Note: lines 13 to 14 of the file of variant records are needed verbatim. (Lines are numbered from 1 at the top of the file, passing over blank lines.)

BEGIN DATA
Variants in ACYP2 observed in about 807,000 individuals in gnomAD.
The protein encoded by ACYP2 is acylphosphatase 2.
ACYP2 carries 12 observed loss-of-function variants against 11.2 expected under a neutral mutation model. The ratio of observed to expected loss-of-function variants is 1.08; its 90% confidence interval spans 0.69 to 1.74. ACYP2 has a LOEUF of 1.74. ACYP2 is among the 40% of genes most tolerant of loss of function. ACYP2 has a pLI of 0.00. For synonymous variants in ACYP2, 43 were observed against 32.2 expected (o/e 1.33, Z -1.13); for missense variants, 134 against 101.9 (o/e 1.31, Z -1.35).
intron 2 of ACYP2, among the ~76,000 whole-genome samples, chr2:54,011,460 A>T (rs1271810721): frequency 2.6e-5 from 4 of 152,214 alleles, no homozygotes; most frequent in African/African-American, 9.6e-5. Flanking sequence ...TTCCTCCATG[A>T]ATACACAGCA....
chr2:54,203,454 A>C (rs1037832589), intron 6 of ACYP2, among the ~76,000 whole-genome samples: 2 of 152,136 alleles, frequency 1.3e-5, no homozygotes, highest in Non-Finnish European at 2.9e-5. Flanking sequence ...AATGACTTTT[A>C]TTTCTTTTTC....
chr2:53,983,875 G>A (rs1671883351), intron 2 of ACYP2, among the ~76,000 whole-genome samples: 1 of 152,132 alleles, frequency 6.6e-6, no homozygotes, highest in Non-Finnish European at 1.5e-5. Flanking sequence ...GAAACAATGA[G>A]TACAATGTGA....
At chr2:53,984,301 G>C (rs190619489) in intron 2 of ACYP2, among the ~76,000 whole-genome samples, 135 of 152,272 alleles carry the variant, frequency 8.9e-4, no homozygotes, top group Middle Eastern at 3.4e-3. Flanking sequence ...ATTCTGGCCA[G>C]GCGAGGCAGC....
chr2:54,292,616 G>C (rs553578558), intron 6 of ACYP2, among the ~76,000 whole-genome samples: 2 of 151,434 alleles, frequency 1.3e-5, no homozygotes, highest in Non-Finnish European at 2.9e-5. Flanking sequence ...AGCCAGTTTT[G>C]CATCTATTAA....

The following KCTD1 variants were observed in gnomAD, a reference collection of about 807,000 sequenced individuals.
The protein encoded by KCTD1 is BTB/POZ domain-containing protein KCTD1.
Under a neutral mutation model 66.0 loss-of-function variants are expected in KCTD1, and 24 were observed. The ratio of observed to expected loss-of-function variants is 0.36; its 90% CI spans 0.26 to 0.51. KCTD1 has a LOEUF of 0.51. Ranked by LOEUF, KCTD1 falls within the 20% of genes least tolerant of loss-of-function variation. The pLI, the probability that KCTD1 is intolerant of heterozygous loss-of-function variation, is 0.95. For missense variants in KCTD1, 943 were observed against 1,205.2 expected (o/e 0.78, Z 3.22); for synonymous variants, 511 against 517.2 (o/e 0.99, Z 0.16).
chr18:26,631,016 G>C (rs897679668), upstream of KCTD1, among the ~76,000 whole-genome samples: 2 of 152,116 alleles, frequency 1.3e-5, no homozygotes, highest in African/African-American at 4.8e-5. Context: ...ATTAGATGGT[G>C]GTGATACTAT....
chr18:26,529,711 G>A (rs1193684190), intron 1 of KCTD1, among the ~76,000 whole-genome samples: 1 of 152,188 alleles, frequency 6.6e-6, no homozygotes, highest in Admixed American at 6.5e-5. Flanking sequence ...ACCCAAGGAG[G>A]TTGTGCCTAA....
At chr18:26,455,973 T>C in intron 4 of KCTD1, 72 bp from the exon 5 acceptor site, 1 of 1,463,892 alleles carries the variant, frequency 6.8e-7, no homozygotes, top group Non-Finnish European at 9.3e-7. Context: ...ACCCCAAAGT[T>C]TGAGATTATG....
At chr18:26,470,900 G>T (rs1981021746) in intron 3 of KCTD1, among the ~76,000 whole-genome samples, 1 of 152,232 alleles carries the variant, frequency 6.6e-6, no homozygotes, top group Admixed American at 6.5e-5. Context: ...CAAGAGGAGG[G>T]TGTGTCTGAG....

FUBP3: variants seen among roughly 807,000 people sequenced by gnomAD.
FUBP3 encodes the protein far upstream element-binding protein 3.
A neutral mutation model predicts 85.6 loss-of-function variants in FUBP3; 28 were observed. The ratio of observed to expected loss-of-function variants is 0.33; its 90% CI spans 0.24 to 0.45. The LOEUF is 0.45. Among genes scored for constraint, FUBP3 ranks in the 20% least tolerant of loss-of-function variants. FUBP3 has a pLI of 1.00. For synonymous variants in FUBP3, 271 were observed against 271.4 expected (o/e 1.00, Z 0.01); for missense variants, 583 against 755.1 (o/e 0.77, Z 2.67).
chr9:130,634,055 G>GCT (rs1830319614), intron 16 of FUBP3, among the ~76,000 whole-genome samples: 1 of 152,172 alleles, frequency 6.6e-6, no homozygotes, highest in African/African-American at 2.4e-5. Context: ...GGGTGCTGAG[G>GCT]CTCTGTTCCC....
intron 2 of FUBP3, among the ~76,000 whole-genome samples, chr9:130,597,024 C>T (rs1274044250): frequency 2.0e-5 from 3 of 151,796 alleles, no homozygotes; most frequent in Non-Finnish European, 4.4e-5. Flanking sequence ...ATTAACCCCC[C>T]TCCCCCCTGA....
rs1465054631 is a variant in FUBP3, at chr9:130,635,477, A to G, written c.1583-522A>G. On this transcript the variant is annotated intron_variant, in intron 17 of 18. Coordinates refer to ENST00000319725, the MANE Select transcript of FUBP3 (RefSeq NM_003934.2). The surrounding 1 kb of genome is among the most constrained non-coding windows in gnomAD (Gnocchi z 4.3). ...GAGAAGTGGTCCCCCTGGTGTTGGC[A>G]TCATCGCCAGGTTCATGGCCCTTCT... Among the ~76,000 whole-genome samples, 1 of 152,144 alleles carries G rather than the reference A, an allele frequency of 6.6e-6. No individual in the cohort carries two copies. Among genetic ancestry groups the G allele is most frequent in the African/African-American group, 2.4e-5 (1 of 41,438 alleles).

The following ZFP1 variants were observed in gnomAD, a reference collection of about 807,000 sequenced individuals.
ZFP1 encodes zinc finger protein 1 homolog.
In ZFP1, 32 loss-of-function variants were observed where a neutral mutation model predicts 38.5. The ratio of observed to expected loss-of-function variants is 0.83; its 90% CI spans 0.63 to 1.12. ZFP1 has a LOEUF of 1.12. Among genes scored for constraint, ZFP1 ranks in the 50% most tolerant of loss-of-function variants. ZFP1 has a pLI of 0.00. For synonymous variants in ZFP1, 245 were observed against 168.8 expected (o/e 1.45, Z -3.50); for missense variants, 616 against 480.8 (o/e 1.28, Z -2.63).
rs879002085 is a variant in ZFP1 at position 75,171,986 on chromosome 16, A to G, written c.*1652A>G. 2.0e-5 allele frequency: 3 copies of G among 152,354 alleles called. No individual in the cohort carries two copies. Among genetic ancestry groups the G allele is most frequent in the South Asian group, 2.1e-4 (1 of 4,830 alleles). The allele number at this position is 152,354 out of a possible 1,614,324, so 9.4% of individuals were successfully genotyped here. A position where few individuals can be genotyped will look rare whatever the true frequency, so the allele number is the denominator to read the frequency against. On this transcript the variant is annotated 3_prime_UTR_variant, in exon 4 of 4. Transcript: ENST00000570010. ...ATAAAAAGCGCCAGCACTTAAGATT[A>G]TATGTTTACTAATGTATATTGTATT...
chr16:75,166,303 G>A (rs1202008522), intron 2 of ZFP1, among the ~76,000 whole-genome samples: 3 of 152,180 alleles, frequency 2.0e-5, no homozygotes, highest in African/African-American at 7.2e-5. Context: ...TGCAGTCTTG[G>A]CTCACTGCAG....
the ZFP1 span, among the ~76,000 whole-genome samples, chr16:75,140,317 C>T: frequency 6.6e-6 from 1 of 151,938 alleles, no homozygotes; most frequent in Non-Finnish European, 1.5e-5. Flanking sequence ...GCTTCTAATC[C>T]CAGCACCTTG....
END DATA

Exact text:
chr18:26,529,711 G>A (rs1193684190), intron 1 of KCTD1, among the ~76,000 whole-genome samples: 1 of 152,188 alleles, frequency 6.6e-6, no homozygotes, highest in Admixed American at 6.5e-5. Flanking sequence ...ACCCAAGGAG[G>A]TTGTGCCTAA....
At chr18:26,455,973 T>C in intron 4 of KCTD1, 72 bp from the exon 5 acceptor site, 1 of 1,463,892 alleles carries the variant, frequency 6.8e-7, no homozygotes, top group Non-Finnish European at 9.3e-7. Context: ...ACCCCAAAGT[T>C]TGAGATTATG....